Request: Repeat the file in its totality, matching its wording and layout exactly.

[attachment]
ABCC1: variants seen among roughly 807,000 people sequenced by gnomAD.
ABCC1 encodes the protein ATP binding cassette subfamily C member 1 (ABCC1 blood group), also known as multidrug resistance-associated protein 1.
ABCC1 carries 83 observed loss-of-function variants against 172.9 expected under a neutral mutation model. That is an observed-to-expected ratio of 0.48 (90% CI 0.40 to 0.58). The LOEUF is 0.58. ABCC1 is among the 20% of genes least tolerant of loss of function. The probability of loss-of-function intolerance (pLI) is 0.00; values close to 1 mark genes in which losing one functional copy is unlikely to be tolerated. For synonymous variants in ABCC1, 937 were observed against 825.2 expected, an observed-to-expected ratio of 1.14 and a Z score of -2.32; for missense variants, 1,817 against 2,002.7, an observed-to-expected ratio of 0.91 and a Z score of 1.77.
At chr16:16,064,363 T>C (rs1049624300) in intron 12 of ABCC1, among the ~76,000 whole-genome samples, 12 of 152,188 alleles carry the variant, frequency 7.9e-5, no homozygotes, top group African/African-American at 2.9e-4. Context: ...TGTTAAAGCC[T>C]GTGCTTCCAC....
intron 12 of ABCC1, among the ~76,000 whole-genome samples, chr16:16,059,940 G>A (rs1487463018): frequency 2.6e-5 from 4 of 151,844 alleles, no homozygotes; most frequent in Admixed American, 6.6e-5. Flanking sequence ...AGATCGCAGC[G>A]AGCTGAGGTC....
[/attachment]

ABCC1: variants seen among roughly 807,000 people sequenced by gnomAD.
ABCC1 encodes the protein ATP binding cassette subfamily C member 1 (ABCC1 blood group), also known as multidrug resistance-associated protein 1.
ABCC1 carries 83 observed loss-of-function variants against 172.9 expected under a neutral mutation model. That is an observed-to-expected ratio of 0.48 (90% CI 0.40 to 0.58). The LOEUF is 0.58. ABCC1 is among the 20% of genes least tolerant of loss of function. The probability of loss-of-function intolerance (pLI) is 0.00; values close to 1 mark genes in which losing one functional copy is unlikely to be tolerated. For synonymous variants in ABCC1, 937 were observed against 825.2 expected, an observed-to-expected ratio of 1.14 and a Z score of -2.32; for missense variants, 1,817 against 2,002.7, an observed-to-expected ratio of 0.91 and a Z score of 1.77.
At chr16:16,064,363 T>C (rs1049624300) in intron 12 of ABCC1, among the ~76,000 whole-genome samples, 12 of 152,188 alleles carry the variant, frequency 7.9e-5, no homozygotes, top group African/African-American at 2.9e-4. Context: ...TGTTAAAGCC[T>C]GTGCTTCCAC....
intron 12 of ABCC1, among the ~76,000 whole-genome samples, chr16:16,059,940 G>A (rs1487463018): frequency 2.6e-5 from 4 of 151,844 alleles, no homozygotes; most frequent in Admixed American, 6.6e-5. Flanking sequence ...AGATCGCAGC[G>A]AGCTGAGGTC....